You’re diving into your work as an executor. You’re pulling together a list of assets, and getting ready to file the Will with the probate court. And suddenly you think to yourself, Wait a minute. Is all of this information going to be...public?
The short answer is yes, probate records are part of the public record. Here’s what you need to know.
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Is a Will a public record?
A Will becomes public record after a probate case has been filed with the probate court. That means a Will isn’t public record before the testator (the person who writes the Will) dies, and it’s not public record before it’s filed with the probate court.
Most estates need to be probated, so most Wills do become part of the public record. Probate is the process through which the assets of an estate are distributed — to creditors, to pay taxes, and to heirs. A probate court appoints a personal representative to administer the estate, either based on the name provided in the Will or in order of priority based on intestate succession if the deceased did not have a Will.
The court then oversees administration of the estate, and the documents created during that process become the probate record.
How does someone access probate documents?
Once a probate case has been opened, anyone can see documents in the case file or get copies by going to or contacting the local probate court where the probate occurred (or is occurring).
Some counties have digitized court records so that someone could find a probate record as easily as tapping in a search term on their keyboard. Other counties have been slower to move to digital records, and someone would have to go to the courthouse or get a mailed or faxed copy of the records.
Even counties that offer online access to probate records may not have all the documents from the case available online. They may only have a summary of the case. Other documents could be obtained by visiting or calling the courthouse.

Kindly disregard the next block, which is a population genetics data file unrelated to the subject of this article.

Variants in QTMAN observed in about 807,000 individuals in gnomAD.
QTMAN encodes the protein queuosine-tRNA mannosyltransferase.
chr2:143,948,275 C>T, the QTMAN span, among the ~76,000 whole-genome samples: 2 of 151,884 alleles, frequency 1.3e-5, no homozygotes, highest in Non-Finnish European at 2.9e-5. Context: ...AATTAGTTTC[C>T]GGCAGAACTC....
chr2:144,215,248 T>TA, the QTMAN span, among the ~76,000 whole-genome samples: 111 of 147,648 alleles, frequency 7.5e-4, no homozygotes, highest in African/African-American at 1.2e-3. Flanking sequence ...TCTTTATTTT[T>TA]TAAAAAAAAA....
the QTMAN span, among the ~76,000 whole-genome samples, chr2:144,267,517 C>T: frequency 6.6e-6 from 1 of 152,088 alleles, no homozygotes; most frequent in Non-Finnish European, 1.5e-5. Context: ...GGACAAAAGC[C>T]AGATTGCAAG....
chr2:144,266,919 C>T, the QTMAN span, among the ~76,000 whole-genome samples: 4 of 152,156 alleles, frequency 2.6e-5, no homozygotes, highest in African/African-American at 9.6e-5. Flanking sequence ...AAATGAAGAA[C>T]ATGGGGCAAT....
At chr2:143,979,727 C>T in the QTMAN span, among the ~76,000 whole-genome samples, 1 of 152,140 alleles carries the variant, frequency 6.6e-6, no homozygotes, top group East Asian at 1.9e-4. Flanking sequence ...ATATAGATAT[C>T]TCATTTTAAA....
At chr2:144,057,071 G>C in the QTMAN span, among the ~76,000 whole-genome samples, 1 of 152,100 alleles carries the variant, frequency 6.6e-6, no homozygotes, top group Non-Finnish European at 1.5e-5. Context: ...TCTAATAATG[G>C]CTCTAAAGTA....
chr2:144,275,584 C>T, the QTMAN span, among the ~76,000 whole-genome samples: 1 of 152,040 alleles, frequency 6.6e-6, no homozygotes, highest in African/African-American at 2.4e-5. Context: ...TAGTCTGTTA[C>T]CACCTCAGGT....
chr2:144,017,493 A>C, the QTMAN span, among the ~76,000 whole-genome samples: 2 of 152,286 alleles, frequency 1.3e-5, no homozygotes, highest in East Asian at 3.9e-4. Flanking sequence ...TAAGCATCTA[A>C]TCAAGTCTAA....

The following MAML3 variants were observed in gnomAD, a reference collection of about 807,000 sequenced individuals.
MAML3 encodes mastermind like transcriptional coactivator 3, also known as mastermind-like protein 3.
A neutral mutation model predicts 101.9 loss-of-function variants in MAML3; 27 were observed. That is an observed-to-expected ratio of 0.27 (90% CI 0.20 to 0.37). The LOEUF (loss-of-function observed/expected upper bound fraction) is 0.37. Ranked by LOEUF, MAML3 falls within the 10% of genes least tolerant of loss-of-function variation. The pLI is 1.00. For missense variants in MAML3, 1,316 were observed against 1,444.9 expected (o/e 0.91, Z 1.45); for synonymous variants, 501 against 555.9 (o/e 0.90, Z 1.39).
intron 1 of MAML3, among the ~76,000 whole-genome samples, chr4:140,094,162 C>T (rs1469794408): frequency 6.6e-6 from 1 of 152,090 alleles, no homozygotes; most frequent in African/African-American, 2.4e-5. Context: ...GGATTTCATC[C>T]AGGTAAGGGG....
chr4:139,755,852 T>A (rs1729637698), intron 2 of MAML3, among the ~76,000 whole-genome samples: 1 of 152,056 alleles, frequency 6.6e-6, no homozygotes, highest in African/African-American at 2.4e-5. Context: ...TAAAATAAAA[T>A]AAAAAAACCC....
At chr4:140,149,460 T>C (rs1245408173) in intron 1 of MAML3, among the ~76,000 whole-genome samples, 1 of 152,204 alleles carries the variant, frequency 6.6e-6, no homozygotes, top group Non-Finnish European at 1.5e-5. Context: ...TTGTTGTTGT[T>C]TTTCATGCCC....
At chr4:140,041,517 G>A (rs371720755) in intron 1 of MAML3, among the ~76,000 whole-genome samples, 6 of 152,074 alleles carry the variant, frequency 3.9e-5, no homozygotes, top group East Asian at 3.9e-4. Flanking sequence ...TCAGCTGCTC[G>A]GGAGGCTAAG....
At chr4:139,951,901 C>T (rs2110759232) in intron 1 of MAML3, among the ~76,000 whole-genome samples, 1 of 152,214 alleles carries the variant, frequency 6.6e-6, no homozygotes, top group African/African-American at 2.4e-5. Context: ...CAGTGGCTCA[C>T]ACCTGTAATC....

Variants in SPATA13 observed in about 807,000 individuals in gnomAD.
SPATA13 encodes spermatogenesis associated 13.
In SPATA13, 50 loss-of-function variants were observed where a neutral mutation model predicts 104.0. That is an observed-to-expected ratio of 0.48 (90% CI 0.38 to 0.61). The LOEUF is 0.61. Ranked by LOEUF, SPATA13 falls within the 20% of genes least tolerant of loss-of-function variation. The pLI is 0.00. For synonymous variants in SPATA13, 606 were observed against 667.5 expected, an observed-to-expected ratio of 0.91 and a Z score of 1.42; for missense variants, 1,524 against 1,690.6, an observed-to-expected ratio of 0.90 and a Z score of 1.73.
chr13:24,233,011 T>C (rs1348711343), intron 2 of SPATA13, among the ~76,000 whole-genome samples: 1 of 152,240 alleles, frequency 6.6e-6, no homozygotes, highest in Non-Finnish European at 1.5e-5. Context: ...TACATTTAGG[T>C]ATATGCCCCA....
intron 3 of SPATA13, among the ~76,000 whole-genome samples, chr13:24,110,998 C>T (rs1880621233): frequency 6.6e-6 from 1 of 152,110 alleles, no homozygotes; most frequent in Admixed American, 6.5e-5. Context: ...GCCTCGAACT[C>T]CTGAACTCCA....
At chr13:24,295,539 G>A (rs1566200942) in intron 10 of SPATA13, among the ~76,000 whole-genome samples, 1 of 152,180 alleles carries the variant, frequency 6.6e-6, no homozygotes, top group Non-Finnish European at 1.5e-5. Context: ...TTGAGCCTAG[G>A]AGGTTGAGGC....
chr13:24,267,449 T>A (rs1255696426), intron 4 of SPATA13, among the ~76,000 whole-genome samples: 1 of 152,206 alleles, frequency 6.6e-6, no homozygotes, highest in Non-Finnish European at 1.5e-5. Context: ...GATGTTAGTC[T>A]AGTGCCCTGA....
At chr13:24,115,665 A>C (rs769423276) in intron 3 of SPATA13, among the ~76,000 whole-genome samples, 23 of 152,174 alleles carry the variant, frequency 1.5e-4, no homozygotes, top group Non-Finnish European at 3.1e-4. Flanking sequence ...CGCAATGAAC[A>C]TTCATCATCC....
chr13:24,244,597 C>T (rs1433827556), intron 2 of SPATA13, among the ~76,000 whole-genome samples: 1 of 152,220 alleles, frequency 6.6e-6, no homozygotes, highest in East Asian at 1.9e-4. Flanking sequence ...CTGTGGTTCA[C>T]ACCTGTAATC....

Generally, to access records a person needs the last name of the person who died and their date of death. They may have to pay a small fee to get or make copies of documents in the record.
What is included in a probate record?
A probate record includes any document the court created and any document submitted to the court. These generally include:
The petition for probate
Letters testamentary or letters of administration
A final accounting
The records will contain information about the deceased, the identities of beneficiaries, and any legal actions that occurred in association with the estate. Some court records may also provide names and contact information for beneficiaries, creditors, and the executor.
If the Will is contested, the probate record will be more extensive and could include complaints, discovery requests and responses, as well as transcripts of depositions or hearings. A person reviewing probate records may be able to see who a Beneficiary is, where they live, and how much they inherited.
People can access information about:
What the deceased owned. As the executor, you have to create an inventory of assets for the probate court — everything the deceased owned, from jewelry to stock certificates. That inventory is part of the probate record and is available to the public.
Who the deceased owed. The inventory may also include a list of the deceased’s debts — who they owed money to and how much they owed.
Who the executor is. Your name, and perhaps your address or other contact information, will be on documents in the probate record, including the Will and letters testamentary or letters of administration.
Who inherits the estate. If there was a Will, that document is included in the probate record, and someone could see who the named beneficiaries were. Even without a Will, the record will usually contain a final accounting done by the executor or administrator. That final accounting would show not only who inherited but what (or how much) they inherited.
How can I keep these probate records private?
Unfortunately, once someone dies whose estate must be probated, there is almost nothing that can keep those probate documents from becoming part of the public record.
In the rarest of cases, a probate judge can seal a probate record if they find a compelling reason to do so (like when an Oklahoma judge thought the probate record might unfairly prejudice a jury against a defendant who was being tried for his father’s murder). It almost never happens, and it’s definitely not something to rely on.
So the probate case you’re serving as executor for will be a part of the public record. The best thing you can do is design your own estate plan so your loved ones can avoid probate and keep your (and their) information private.
At Trust & Will, we’re here to help you keep things simple. You can create a fully customizable, state-specific Estate Plan from the comfort of your own home in just 20 minutes. Take our free quiz to see where you should get started, or compare our different estate planning options today!
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